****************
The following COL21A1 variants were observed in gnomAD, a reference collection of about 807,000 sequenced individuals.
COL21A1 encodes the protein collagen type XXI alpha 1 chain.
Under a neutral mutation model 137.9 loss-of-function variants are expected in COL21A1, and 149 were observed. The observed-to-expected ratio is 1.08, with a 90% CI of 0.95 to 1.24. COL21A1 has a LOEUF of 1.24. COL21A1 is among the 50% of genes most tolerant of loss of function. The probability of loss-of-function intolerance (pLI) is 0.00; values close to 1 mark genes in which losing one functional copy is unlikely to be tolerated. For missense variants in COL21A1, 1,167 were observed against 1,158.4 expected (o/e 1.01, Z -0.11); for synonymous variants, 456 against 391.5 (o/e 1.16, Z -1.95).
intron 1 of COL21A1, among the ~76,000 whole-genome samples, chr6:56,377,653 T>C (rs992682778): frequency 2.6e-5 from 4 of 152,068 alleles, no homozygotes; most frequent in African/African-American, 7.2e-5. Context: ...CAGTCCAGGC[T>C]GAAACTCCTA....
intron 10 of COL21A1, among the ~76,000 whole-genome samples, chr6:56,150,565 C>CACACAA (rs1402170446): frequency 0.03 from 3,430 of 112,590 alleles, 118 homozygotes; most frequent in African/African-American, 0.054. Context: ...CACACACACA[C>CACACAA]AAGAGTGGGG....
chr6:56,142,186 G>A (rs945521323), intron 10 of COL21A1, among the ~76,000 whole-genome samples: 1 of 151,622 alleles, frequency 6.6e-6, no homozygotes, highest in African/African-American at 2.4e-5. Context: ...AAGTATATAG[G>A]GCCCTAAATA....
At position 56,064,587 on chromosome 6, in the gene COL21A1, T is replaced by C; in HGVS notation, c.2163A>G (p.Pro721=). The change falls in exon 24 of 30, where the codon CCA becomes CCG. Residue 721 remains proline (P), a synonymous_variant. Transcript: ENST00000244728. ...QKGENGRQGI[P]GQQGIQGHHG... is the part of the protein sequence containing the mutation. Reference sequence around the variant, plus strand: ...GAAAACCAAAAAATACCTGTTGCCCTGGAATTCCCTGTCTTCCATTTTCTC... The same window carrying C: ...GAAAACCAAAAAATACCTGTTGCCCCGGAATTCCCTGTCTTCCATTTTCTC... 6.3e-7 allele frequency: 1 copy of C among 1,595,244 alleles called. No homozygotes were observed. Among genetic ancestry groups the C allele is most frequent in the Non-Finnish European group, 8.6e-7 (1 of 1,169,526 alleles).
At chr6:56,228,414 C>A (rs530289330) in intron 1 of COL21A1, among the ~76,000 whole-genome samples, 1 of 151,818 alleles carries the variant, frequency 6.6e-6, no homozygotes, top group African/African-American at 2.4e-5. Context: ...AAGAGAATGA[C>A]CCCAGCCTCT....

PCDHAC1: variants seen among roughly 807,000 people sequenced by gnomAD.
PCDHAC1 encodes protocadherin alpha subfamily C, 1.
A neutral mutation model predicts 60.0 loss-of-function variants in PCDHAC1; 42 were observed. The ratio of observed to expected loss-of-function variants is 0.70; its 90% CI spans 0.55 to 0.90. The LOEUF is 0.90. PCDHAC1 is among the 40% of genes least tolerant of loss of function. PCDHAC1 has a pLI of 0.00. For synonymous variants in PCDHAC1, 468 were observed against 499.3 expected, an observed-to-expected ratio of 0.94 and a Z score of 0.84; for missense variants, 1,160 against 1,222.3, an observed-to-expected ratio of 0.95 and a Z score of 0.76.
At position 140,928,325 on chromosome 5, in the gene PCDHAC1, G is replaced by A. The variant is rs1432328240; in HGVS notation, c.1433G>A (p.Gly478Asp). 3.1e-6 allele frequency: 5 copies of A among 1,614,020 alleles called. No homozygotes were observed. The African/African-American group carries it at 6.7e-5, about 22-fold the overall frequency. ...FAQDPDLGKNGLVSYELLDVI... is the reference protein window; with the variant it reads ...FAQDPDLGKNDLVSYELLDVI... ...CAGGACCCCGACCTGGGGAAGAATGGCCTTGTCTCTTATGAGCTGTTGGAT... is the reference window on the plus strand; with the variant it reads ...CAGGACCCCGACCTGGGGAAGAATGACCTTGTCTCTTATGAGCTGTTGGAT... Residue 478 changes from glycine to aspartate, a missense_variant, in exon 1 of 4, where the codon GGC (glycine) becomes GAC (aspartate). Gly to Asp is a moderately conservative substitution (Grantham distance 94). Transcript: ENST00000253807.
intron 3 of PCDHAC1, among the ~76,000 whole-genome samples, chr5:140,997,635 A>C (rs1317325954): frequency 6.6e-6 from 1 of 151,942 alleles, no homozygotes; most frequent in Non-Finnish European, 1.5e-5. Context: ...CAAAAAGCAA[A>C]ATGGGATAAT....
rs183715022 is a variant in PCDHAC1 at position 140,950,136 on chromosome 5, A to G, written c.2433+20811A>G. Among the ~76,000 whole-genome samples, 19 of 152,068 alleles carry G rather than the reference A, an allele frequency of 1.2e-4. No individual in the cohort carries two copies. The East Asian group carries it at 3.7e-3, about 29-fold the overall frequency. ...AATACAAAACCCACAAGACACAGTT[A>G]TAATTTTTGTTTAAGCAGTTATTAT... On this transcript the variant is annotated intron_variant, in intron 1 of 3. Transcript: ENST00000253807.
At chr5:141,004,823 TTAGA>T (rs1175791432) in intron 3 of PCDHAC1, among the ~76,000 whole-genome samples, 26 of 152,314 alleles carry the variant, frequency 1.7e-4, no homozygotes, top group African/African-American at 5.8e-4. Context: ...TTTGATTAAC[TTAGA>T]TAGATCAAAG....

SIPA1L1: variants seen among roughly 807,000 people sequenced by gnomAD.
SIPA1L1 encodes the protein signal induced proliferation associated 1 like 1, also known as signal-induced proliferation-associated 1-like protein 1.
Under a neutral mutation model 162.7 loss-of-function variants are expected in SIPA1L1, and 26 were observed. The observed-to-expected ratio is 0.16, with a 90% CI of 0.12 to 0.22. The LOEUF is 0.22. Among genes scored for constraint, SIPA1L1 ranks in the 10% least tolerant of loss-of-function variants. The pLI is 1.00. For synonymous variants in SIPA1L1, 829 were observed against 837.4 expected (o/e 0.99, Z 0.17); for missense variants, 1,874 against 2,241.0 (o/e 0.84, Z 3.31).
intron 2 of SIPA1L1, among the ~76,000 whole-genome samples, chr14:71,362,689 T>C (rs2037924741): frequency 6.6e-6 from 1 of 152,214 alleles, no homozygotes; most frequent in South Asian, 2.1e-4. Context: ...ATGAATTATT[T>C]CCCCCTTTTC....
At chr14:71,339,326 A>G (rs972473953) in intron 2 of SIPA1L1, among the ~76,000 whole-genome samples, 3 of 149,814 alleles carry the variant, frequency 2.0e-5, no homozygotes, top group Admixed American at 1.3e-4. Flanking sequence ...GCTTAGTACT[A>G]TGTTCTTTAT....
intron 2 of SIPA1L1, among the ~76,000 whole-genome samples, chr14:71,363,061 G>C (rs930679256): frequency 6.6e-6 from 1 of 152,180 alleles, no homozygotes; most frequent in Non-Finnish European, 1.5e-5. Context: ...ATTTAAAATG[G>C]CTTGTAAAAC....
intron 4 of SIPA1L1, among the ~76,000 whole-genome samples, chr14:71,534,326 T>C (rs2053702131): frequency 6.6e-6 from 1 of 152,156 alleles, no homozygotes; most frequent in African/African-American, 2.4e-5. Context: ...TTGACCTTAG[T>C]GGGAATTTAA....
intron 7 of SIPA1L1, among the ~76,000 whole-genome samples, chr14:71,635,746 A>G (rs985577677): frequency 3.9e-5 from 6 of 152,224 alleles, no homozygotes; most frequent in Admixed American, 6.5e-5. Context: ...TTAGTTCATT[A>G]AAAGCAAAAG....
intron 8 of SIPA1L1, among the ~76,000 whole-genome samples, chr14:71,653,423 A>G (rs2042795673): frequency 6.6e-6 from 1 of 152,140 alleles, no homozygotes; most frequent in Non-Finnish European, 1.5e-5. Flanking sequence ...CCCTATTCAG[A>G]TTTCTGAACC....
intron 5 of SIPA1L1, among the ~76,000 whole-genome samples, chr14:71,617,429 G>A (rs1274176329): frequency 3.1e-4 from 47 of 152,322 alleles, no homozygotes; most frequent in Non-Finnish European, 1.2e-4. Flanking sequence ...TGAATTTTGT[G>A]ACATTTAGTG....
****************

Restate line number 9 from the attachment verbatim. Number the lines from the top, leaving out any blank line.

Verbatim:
PCDHAC1: variants seen among roughly 807,000 people sequenced by gnomAD.